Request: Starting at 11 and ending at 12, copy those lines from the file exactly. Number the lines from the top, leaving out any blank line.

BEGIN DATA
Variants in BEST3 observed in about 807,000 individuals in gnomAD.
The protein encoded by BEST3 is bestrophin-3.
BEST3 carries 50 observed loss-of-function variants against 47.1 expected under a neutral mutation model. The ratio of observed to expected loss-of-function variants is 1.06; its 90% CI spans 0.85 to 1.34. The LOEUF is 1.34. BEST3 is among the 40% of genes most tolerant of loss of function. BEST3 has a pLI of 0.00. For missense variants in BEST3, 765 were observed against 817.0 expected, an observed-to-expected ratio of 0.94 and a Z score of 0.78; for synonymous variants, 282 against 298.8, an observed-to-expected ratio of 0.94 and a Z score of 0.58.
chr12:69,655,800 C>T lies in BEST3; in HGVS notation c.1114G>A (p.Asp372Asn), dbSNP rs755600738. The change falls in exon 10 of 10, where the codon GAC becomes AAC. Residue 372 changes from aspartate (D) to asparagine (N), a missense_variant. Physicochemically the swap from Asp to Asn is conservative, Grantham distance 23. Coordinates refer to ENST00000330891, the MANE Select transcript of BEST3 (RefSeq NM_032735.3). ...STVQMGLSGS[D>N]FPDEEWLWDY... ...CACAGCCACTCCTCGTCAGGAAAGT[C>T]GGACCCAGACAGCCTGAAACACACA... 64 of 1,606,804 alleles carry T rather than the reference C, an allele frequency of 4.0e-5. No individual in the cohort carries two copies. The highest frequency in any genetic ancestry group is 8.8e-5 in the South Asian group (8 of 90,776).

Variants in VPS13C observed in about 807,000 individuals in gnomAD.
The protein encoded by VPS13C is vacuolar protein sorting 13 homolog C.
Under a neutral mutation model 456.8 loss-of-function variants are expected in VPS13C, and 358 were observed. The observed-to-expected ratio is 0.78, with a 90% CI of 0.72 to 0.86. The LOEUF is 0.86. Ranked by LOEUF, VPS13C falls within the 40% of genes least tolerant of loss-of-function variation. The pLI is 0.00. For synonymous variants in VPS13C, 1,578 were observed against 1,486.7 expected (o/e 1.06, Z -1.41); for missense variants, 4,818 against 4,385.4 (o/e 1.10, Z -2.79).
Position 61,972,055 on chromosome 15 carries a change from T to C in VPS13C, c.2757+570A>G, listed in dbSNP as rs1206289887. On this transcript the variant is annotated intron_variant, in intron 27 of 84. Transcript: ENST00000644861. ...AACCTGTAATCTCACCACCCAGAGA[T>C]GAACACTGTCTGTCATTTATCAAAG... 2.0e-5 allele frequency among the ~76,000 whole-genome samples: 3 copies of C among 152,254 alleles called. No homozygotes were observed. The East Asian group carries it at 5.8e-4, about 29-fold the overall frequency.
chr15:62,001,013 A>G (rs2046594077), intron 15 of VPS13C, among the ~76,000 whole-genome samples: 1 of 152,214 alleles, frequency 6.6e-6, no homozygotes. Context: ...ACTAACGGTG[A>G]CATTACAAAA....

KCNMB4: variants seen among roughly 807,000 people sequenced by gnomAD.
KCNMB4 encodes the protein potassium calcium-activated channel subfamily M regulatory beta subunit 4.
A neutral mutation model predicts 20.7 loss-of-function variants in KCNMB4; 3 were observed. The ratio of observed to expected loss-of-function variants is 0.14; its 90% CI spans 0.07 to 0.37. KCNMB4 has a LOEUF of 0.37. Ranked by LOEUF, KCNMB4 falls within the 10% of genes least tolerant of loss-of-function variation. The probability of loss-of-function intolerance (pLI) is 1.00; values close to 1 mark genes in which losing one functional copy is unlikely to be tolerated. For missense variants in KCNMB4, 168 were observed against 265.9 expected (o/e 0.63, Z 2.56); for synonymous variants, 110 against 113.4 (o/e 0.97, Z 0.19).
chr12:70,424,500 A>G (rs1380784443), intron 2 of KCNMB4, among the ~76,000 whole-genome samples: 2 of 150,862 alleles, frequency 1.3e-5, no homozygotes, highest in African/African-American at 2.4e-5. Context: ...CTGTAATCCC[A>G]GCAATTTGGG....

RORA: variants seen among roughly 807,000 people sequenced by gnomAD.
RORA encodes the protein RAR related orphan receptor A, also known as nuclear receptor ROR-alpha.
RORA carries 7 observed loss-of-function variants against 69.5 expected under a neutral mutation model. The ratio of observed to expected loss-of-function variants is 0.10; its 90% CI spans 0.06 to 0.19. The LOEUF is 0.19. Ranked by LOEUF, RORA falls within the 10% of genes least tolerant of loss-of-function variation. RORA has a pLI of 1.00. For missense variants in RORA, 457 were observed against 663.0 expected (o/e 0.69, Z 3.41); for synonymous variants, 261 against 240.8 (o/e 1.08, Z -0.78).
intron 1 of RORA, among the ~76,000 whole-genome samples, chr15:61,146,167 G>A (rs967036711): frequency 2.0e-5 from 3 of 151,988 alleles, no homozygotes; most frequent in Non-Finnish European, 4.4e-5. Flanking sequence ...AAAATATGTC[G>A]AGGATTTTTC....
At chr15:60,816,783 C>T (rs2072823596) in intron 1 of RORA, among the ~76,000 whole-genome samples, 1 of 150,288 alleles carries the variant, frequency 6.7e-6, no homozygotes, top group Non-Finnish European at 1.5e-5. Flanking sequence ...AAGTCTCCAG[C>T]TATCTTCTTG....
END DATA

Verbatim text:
KCNMB4 encodes the protein potassium calcium-activated channel subfamily M regulatory beta subunit 4.
A neutral mutation model predicts 20.7 loss-of-function variants in KCNMB4; 3 were observed. The ratio of observed to expected loss-of-function variants is 0.14; its 90% CI spans 0.07 to 0.37. KCNMB4 has a LOEUF of 0.37. Ranked by LOEUF, KCNMB4 falls within the 10% of genes least tolerant of loss-of-function variation. The probability of loss-of-function intolerance (pLI) is 1.00; values close to 1 mark genes in which losing one functional copy is unlikely to be tolerated. For missense variants in KCNMB4, 168 were observed against 265.9 expected (o/e 0.63, Z 2.56); for synonymous variants, 110 against 113.4 (o/e 0.97, Z 0.19).